Finding your kid's porn

A dad's letter to his smut-surfing son goes viral, raising the question of how to deal with a pubescent pornophile

Published September 30, 2012 1:00AM (EDT)

          (<a href=''>Condor 36</a> via <a href=''>Shutterstock</a>)
(Condor 36 via Shutterstock)

A father is removing scamware from his 13-year-old son's computer when he finds porn -- lots of it -- in the browser history. So the dad writes a note: "Listen, I was 13 once too and it wasn't so long ago that I don't remember. I'm not mad or anything. It's life and I did it too."

He explains that "there are sites that are completely safe and you can go on them and not have your computer turned into a piece of junk." He even lists a handful of recommended destinations, including and The dad goes on to say, "Listen, I won't tell your mom and I'm not gonna make a big deal out of this. ... If you want to completely ignore this ever happened then I can and will do that too." He ends the letter with, "I love you and I couldn't be more proud of you."

This is the Cool Dad™ approach an anonymous Reddit poster says he took. Earlier this week, he wrote about the experience, and included his lengthy note to his son, and asked his fellow Redditors if he did the right thing. Then in came the comments -- more than 6,000 of them to date. Before long, the post made the site's front page; it currently has over 23,000 "up votes." Reactions ranged from "much better than my parents" to "that has to be the worst possible reaction."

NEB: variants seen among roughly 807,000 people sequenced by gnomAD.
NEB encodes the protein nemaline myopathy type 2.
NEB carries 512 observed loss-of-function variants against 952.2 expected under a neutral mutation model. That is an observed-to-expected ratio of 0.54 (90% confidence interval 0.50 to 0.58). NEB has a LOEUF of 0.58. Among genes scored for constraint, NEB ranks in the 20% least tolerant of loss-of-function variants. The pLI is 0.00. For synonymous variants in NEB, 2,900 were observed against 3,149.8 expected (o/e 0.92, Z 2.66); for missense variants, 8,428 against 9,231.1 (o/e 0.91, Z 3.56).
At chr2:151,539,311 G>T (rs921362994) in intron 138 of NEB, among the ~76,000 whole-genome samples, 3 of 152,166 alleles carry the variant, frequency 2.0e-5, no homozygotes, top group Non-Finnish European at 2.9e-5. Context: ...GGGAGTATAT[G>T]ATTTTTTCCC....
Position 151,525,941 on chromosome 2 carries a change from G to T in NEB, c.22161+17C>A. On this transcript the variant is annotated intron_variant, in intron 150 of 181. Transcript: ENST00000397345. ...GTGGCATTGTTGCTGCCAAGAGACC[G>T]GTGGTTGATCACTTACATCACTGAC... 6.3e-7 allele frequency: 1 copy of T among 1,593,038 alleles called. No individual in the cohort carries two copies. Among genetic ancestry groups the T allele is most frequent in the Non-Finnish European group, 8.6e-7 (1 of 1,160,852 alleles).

Everyone has an opinion on how to deal with a pubescent porn-watcher. I've always sort of appreciated the fact that my liberal, sex-positive parents never confronted me over my adolescent AOL cyber-sexing or scrambled-porn watching. They must have known, but they apparently never chose to mention it -- beyond general conversations about Internet safety, and what healthy, happy sex meant to them. But, then again, look how I turned out. This Reddit tale got me wondering what experts advise in these situations. The question is more relevant than ever: The average age a boy first sees porn is 10, according to at least one report. (No word on first porn for girls, humph.)

Amy Lang, a sexual health educator and founder of Birds + Bees+ Kids, tells me this Reddit dad got some things right: "I love that he wrote his son a note -- this is the perfect way to communicate with a young adolescent boy about something like this," she says. "What I don't love is that he didn't clarify that porn isn't reality and that it will give him a skewed idea of what real sex is like and what it's all about." Perhaps it wasn't just his son's embarrassment that he was avoiding in his practical-seeming note, but also his own. "If I were this dad, I would leap at the opportunity to start having regular conversations about sexuality with my son," Lang says. "The door has been kicked open."